Meanwhile, the surviving helicopter pilot recounts the final events before the fatal flight. As National Guardsmen, they were fleeing a refugee camp overrun with walkers; the Governor asks for the location so he can rescue the survivors. Later visiting a laboratory, we learn that his scientist/partner, Milton (Dallas Roberts) was commissioned by the Governor to experiment on walkers. In a gruesome display, we see Michonne’s beheaded walkers with their eyes rolling, still showing animation. The scientist explains that walkers act as repellant to other walkers (hence why Michonne kept them), or as the Governor puts it, as camouflage.
The next morning, the Governor and Milton join Andrea and Michonne for breakfast. Making charming conversation, the Governor extols the virtues of Woodbury and its people. Although Andrea chats away freely, Michonne remains mostly silent. In a post-breakfast stroll, the two women lay it on the line; Andrea wants to stay another “day or two” while Michonne wants out.
In a trip out of Woodbury, the Governor tracks down the surviving soldiers; although looking a bit shabby, the Guardsmen are suspicious, armed, and alert. Waving the white flag of truce, the Governor offers to help but instead ambushes them, and together with his hidden crew kill all the Guardsmen, and plunder their supplies.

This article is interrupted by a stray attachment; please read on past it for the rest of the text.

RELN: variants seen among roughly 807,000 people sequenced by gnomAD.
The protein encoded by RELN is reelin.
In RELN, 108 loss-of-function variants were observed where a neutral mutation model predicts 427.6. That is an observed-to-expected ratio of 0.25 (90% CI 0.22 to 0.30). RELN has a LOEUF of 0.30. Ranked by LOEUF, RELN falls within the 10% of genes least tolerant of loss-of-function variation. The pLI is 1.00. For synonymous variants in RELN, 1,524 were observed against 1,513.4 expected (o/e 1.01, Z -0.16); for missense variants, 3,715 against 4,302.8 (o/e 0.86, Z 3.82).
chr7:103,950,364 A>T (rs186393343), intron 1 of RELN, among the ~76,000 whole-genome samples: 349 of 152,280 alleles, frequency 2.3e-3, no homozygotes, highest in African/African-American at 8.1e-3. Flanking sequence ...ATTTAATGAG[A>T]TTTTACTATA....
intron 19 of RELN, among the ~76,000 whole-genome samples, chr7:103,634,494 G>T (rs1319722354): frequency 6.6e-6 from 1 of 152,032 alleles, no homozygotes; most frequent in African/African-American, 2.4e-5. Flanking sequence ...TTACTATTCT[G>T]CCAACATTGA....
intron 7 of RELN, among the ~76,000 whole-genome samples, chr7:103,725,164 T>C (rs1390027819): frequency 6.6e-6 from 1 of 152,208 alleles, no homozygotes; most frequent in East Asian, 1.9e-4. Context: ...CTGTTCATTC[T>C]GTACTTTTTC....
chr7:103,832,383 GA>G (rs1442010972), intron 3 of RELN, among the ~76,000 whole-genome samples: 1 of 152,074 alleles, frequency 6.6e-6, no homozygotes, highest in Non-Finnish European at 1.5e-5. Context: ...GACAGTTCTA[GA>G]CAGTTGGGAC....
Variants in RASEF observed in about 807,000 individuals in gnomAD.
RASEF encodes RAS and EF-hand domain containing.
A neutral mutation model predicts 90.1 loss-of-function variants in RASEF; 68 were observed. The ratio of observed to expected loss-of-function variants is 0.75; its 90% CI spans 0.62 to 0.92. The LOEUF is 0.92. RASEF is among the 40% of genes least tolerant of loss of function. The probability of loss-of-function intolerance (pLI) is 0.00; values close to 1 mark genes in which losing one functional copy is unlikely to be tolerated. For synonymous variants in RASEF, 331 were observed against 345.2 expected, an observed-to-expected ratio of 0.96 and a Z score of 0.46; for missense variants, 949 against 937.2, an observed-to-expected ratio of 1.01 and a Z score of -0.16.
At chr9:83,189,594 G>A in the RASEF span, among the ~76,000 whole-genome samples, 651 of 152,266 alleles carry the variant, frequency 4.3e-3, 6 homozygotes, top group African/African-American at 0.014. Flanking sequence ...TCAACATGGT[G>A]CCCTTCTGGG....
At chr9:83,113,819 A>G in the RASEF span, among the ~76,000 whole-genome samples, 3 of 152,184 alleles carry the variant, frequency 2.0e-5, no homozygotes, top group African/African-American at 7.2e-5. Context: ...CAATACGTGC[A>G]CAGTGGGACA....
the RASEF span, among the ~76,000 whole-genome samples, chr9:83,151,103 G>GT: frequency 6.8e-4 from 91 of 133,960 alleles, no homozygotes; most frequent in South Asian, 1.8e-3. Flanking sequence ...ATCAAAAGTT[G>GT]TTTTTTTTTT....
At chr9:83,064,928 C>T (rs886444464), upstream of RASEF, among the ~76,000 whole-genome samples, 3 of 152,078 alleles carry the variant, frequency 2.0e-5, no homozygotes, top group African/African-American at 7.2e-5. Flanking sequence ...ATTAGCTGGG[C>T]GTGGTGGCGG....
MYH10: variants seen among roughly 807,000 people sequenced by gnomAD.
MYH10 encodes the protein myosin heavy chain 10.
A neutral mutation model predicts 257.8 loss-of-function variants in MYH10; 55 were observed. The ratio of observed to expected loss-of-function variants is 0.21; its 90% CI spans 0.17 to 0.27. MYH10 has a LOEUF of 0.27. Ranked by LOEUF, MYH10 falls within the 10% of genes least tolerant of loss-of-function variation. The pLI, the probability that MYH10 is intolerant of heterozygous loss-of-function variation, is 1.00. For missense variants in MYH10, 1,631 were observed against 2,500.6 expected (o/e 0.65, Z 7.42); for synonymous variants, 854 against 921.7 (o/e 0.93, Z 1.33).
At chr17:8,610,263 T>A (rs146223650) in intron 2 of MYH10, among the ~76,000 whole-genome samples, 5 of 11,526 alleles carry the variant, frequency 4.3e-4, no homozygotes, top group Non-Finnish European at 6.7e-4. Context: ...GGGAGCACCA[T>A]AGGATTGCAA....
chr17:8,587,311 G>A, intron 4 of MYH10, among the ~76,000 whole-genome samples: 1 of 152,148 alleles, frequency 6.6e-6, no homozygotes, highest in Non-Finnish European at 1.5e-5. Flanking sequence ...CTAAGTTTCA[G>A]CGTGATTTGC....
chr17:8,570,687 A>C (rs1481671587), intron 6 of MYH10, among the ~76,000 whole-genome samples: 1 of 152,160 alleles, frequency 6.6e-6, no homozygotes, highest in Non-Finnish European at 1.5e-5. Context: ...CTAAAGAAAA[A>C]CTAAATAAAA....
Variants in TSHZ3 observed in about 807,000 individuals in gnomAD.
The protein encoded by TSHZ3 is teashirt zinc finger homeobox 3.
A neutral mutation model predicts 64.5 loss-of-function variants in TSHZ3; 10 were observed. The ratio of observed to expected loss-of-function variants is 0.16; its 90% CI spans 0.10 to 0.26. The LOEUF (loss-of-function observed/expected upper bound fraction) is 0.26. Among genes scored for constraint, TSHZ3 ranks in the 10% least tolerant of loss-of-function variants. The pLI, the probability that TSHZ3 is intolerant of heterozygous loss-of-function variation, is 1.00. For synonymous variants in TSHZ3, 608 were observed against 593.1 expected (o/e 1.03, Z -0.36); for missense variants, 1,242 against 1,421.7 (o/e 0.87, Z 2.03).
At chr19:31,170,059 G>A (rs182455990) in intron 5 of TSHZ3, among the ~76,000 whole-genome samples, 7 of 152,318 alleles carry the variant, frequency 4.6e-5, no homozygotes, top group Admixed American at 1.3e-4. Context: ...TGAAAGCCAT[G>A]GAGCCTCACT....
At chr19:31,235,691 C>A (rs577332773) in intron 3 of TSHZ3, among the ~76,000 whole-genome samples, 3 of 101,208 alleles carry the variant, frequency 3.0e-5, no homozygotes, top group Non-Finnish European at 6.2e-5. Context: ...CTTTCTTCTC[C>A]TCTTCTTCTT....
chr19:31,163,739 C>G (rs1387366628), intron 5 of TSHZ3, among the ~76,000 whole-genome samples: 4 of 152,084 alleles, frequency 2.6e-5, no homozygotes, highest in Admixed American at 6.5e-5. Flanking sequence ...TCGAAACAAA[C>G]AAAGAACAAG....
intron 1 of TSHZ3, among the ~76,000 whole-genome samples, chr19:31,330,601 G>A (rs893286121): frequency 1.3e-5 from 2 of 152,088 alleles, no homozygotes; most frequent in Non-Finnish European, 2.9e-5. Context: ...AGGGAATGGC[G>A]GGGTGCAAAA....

Returning from the ambush, the Governor immediately gathers the townspeople in the town square. Lying to them, he gives a heroic speech about how they arrived too late to save the soldiers, and that the people of Woodbury should honor their sacrifice and give thanks for what they have. Michonne cynically listens nearby.
Later, the Governor enjoys a relaxing, late-evening drink in his mansion. Passing by his sleeping concubine, he retires to his den, where we glimpse a pre-apocalypse family portrait. Removing a key from around his neck, he enters a locked room off to the side. Then relaxing on a comfortable chair with his drink, he stares at the wall opposite him, covered wall-to-wall by a grisly aquarium full of decapitated walkers’ heads, including that of the pilot.
“Walk with Me”is an odd duck of an episode for The Walking Dead; however, coming from a series where freakish and nightmarish scenarios pop up like mushrooms after the rain, that’s not bad at all. Eschewing the slam-bang action of the season’s first two episodes, “Walk With Me” alternates between surprises and character development, mainly the slow and methodical introduction of the crafty, sadistic Governor and his fiefdom, the town of Woodbury. Ultimately, it waves the true flag of serial TV by leaving more questions than it answers. Who is the Governor? What did Merle do to acquire such a high and trusted position with him? Will Andrea and Michonne stay? What will they discover? Why is Milton so fascinated with walkers’ possible memories? What is the true nature of Woodbury? Is it a ruse to lull newcomers (notice no one entered any of the “stores”), or a Prisoner-style village where everyone is treated well but forbidden to leave?